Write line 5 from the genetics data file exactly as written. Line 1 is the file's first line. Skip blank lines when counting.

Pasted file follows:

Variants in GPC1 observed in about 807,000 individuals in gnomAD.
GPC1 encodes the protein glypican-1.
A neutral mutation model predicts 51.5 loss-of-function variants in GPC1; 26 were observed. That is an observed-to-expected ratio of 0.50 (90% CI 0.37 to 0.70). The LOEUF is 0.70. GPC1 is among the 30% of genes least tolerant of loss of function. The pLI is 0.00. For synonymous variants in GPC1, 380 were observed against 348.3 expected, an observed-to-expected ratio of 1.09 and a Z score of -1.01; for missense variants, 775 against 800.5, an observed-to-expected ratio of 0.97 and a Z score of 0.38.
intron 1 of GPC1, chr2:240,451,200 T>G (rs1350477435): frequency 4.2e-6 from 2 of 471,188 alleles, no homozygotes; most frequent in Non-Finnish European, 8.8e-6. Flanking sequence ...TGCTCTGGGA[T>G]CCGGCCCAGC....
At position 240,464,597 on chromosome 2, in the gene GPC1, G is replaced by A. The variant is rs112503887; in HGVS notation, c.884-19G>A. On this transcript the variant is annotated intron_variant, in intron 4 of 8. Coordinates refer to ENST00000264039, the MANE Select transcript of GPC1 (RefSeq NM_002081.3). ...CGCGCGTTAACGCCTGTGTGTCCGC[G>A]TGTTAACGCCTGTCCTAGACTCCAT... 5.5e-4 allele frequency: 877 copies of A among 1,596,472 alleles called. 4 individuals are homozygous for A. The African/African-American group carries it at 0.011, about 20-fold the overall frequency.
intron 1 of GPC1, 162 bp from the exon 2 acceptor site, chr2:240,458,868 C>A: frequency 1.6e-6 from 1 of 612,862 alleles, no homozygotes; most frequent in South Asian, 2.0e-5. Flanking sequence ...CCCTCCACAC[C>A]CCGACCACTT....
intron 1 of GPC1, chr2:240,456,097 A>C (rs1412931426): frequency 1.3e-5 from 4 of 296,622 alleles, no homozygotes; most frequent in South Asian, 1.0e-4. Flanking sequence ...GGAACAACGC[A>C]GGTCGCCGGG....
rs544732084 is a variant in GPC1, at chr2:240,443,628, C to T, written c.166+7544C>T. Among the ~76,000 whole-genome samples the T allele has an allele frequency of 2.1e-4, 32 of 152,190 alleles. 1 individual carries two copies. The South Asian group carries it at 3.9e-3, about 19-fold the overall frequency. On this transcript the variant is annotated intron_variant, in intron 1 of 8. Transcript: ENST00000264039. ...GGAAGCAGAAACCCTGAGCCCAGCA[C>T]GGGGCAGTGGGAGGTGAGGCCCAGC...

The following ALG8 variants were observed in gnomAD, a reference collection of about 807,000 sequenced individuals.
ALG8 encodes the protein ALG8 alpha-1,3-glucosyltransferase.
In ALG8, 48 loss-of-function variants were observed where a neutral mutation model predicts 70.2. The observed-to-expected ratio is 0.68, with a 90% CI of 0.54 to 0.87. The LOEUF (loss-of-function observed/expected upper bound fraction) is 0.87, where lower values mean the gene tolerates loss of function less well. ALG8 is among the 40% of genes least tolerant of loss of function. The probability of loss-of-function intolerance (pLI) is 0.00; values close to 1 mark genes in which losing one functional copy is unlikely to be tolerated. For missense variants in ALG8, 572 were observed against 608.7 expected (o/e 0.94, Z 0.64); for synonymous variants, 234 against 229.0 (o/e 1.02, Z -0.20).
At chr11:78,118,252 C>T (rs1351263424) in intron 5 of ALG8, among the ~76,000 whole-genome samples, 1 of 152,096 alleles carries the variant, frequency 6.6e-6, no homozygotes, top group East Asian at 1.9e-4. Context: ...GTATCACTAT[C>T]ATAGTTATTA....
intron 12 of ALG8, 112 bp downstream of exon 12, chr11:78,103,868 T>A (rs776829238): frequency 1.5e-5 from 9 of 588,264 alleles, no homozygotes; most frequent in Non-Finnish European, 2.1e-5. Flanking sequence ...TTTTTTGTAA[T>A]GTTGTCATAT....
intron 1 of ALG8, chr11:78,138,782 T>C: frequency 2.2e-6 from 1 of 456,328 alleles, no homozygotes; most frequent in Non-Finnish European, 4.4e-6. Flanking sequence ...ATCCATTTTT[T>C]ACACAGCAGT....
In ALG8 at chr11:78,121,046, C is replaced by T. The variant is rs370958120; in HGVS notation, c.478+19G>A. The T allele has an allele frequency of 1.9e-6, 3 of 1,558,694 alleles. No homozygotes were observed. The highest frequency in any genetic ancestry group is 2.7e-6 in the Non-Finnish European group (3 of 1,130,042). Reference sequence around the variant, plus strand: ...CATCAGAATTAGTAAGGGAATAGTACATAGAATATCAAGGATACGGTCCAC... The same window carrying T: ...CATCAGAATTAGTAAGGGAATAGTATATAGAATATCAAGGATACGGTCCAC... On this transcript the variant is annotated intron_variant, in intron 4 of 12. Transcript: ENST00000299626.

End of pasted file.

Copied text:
At position 240,464,597 on chromosome 2, in the gene GPC1, G is replaced by A. The variant is rs112503887; in HGVS notation, c.884-19G>A. On this transcript the variant is annotated intron_variant, in intron 4 of 8. Coordinates refer to ENST00000264039, the MANE Select transcript of GPC1 (RefSeq NM_002081.3). ...CGCGCGTTAACGCCTGTGTGTCCGC[G>A]TGTTAACGCCTGTCCTAGACTCCAT... 5.5e-4 allele frequency: 877 copies of A among 1,596,472 alleles called. 4 individuals are homozygous for A. The African/African-American group carries it at 0.011, about 20-fold the overall frequency.